The South Korean Environment Ministry said Tuesday that it has cancelled authentication for 32 types of Volkswagen vehicles as their test results were forged.
This affected 83,000 vehicles. Another 126,000 vehicles were decertified last November for emissions rigging, which means that a total of 209,000 vehicles will now be banned from sales. This accounts for 68 percent of the total number of VW vehicles sold here since 2007.
A penalty totaling 17.8 billion won ($16.1 million) is being charged to the German carmaker’s local unit for falsifying authentication documents on fuel efficiency and emissions for 24 models of VW vehicles, including the VW Golf and Audi A8. The extensive ban poses a serious threat to the overall operation of the carmaker in Korea.
The ministry explained that 26,000 vehicles across eight models were excluded from the penalty because the current Noise and Vibration Control Act does not impose a fine for cheating on a vehicle’s noise level.
In response, VW Korea released a statement through its website that said they regretted the “strictest possible penalty” and repeated their apologies to the customers. The company added it will take due follow-up measures, which industry watchers said might include legal steps challenging the government’s decision.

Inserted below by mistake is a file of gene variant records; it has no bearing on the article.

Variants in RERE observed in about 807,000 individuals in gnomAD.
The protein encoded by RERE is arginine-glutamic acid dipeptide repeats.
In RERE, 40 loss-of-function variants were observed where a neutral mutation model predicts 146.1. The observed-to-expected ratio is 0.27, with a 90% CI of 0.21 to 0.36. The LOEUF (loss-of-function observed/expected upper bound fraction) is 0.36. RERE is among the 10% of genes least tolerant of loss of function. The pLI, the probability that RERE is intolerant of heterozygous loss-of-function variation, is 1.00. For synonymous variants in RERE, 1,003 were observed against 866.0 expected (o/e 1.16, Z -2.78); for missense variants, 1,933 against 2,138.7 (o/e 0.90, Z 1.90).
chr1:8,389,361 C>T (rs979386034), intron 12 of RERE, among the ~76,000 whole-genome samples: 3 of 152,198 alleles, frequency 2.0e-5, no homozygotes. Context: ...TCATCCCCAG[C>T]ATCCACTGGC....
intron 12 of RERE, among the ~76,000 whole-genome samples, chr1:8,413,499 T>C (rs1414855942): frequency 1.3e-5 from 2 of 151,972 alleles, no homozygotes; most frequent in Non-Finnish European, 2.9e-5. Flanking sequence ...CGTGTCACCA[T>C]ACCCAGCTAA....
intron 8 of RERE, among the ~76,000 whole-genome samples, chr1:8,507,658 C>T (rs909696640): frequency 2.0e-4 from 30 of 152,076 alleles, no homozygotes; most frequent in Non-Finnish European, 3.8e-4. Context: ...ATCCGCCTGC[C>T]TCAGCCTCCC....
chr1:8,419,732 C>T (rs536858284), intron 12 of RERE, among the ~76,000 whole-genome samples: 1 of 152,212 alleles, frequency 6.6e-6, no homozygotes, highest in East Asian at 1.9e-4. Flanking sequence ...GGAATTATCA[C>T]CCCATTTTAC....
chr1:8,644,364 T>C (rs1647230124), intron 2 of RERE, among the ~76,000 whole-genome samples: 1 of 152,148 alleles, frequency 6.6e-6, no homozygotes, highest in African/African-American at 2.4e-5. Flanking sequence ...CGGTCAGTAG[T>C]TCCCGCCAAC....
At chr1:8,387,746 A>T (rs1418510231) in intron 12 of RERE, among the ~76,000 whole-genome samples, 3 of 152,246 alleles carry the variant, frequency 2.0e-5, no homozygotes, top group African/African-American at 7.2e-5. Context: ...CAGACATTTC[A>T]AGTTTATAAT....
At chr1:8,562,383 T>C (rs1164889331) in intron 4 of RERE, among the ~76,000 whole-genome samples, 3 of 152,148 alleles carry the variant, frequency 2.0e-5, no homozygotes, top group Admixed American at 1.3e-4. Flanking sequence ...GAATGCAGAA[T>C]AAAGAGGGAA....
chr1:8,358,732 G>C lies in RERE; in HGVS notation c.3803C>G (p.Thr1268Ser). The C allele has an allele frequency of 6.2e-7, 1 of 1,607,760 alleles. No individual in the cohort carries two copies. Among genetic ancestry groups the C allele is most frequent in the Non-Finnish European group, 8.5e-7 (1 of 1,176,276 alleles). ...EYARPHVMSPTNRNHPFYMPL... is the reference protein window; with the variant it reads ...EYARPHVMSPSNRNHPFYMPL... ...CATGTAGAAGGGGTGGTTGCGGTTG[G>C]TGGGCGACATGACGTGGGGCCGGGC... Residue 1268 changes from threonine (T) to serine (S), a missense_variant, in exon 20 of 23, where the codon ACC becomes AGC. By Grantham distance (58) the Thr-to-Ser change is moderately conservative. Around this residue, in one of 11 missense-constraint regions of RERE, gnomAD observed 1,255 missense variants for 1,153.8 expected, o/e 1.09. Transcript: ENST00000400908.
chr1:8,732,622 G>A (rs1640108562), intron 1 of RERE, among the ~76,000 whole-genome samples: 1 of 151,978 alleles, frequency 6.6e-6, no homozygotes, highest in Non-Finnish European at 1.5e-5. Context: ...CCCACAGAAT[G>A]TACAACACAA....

According to the revised Clean Air Conservation Act, which took effect on July 28, the company can be fined up to 100 billion won per vehicle model for cheating on test results to obtain authentication. However, the ministry said it decided to set the amount at 10 billion won per vehicle model, considering VW Korea voluntarily banned sales of disputed models from July 25.
If VW Korea reapplies for authentication -- which the ministry expects it to do in the near future -- the ministry said it would conduct thorough screening. It typically takes from two to three months to apply and receive authentication from the ministry. The Environment Ministry needs to approve the vehicle authentication within 14 days of application.
According to the ministry, Francisco Javier Garcia Sanz, one of the board members at Audi Volkswagen’s headquarters, visited the Environment Ministry last month and vowed to “fully cooperate with the ministry decision and speed up the recall process of emissions-rigged vehicles from last year.”
The ministry added that an additional support plan for customers who purchased the disputed models is currently under review, while there will not be any disadvantages for drivers of VW vehicles.
Meanwhile, the court on Tuesday dropped the prosecutors’ request to arrest former VW Korea CEO Park Dong-hoon, who is suspected of being involved in the emissions rigging scandal, citing the need to guarantee his right to defense based on the current progress of the investigation. Park is currently the chief of Renault Samsung Motors.
By Kim Da-sol (email@example.com)